Merv was one of the major cities on the Silk Route from whom many caravans went forth to all four corners of the world therefore its walls witnessed a rich cultural and religious interaction of many ethnic groups.
Alexander the Great conquered it and called it Alexandria Margiana however Parthians conquered the Hellenistic city and thus it was under their control from 250 BC to 226 AD until the Sassanians conquered it.
The Muslims conquered it in the 7th century. Merv achieved its greatest height of power, culture and civilization in the 11th and 12th centuries when it was the Seljuk capiyal. When I stood on the immense Giour Kala which today is an enormous mound of dirt, I closed my eyes and let my mind be caught up in the world of Scheherazade of the Thousand and One Nights because this great city inspired those wonderful tales filled with medieval adventure.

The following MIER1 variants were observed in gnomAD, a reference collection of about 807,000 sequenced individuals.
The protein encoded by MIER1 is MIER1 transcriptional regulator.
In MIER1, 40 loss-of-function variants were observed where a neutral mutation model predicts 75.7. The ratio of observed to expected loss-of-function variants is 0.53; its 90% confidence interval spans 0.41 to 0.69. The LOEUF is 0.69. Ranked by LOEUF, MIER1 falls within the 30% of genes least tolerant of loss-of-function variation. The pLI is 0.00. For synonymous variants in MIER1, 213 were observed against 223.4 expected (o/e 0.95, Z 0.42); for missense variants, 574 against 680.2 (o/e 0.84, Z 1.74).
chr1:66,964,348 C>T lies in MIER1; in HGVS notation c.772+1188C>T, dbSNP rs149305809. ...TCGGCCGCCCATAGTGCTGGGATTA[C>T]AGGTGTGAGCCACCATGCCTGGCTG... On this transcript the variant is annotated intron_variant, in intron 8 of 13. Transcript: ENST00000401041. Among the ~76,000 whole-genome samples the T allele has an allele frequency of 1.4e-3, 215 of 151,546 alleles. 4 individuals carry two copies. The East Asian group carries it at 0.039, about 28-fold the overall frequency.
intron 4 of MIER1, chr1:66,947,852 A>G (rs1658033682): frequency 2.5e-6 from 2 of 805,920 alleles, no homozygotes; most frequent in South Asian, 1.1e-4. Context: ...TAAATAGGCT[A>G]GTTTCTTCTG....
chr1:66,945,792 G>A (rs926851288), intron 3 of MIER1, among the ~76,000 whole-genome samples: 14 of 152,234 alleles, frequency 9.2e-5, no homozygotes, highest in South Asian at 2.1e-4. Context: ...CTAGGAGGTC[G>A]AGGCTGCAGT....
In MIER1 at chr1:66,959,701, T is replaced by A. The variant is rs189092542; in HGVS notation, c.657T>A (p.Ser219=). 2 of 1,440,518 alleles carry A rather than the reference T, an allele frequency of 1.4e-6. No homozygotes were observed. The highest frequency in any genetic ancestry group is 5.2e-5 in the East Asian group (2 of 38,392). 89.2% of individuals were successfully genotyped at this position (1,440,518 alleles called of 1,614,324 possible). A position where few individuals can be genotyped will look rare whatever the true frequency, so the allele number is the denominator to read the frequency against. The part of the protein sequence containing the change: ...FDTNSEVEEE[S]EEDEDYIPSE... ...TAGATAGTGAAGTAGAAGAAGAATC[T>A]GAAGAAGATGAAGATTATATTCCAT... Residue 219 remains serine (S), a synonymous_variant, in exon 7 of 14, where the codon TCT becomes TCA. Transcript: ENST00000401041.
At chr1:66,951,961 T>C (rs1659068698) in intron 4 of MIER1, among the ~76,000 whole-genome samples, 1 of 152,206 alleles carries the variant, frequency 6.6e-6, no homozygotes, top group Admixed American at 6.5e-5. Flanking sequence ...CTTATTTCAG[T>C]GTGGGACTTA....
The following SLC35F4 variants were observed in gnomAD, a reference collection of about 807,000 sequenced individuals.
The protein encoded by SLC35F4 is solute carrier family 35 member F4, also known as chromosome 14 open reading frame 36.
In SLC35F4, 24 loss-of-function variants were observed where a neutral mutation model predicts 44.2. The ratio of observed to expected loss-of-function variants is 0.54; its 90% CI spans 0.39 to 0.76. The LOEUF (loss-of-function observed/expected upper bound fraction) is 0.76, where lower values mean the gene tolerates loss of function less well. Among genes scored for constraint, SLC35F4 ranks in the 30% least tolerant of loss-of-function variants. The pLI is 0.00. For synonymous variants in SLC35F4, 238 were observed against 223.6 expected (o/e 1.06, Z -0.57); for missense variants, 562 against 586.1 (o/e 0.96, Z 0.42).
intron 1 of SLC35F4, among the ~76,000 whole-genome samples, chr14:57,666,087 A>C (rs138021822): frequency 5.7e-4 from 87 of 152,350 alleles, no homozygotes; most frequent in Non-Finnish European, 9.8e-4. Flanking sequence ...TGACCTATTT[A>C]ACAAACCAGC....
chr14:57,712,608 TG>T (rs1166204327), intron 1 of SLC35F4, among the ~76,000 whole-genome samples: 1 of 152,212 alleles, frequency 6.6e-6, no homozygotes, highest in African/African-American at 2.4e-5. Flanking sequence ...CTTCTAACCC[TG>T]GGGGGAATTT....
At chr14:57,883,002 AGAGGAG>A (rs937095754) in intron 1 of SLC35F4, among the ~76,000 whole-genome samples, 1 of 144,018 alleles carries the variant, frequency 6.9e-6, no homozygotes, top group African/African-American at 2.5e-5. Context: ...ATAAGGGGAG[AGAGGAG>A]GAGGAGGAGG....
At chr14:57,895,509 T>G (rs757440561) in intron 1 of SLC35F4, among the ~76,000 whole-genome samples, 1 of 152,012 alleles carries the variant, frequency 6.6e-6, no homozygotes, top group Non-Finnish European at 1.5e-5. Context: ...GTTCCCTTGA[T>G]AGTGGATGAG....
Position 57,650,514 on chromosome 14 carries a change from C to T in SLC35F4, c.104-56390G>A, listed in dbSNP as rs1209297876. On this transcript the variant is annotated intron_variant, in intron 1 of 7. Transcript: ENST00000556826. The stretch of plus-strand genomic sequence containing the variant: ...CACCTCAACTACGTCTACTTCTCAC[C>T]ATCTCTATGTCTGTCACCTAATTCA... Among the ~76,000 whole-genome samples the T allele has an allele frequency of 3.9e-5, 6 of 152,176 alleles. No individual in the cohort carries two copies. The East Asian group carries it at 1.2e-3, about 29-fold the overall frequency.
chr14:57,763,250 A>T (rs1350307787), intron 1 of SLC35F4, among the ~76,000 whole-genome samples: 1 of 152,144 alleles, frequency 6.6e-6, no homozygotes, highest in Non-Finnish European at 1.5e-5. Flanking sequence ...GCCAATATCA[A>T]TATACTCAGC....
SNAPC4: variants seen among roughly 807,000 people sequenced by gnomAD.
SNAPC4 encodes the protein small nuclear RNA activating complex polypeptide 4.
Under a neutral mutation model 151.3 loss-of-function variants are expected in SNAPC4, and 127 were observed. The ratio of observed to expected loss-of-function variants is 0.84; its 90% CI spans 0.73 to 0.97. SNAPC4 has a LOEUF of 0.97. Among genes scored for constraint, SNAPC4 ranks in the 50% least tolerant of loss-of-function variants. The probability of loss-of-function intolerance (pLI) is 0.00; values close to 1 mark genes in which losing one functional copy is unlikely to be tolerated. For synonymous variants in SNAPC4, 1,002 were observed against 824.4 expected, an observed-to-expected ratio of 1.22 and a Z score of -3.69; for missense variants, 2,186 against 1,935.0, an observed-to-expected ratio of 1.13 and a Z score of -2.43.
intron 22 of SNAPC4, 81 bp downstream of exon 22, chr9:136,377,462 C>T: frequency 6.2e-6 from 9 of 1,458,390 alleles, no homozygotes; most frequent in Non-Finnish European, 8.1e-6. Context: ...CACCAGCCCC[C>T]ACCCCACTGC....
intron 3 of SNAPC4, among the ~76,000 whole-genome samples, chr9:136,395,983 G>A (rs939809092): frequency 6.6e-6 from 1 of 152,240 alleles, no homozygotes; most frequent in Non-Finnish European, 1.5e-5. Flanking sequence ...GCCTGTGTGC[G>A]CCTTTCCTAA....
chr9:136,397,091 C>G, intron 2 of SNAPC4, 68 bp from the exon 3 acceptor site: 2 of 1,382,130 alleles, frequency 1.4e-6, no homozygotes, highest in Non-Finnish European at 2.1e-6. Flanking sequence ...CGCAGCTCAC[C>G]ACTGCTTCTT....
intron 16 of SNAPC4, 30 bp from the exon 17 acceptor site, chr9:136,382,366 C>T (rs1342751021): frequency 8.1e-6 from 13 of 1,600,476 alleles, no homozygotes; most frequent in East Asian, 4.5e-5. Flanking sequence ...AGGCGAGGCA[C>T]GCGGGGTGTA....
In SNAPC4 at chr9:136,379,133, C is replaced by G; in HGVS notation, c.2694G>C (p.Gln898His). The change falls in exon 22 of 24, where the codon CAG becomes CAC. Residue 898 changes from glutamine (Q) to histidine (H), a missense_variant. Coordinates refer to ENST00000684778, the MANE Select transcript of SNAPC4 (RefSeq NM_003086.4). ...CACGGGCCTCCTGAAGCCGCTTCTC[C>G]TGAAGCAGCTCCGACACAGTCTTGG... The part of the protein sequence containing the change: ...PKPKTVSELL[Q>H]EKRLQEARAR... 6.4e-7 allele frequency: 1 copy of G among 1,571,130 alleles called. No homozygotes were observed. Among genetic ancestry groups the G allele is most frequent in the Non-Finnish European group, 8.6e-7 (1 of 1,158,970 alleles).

The Mongols devastated the great Merv, the Queen of the World in 1221.
Merv was up to that conquest a great cosmopolitan city whose walls embraced not only 365 hectares but also religious diversity: a quarter was Christian, a quarter Buddhist, a quarter Jewish and then Muslims.
After an long and imaginative day at the ruins at Merv, I went to a Zadekah celebration and helped with the cooking. The locals not only want to share food but also wanted their photo with me.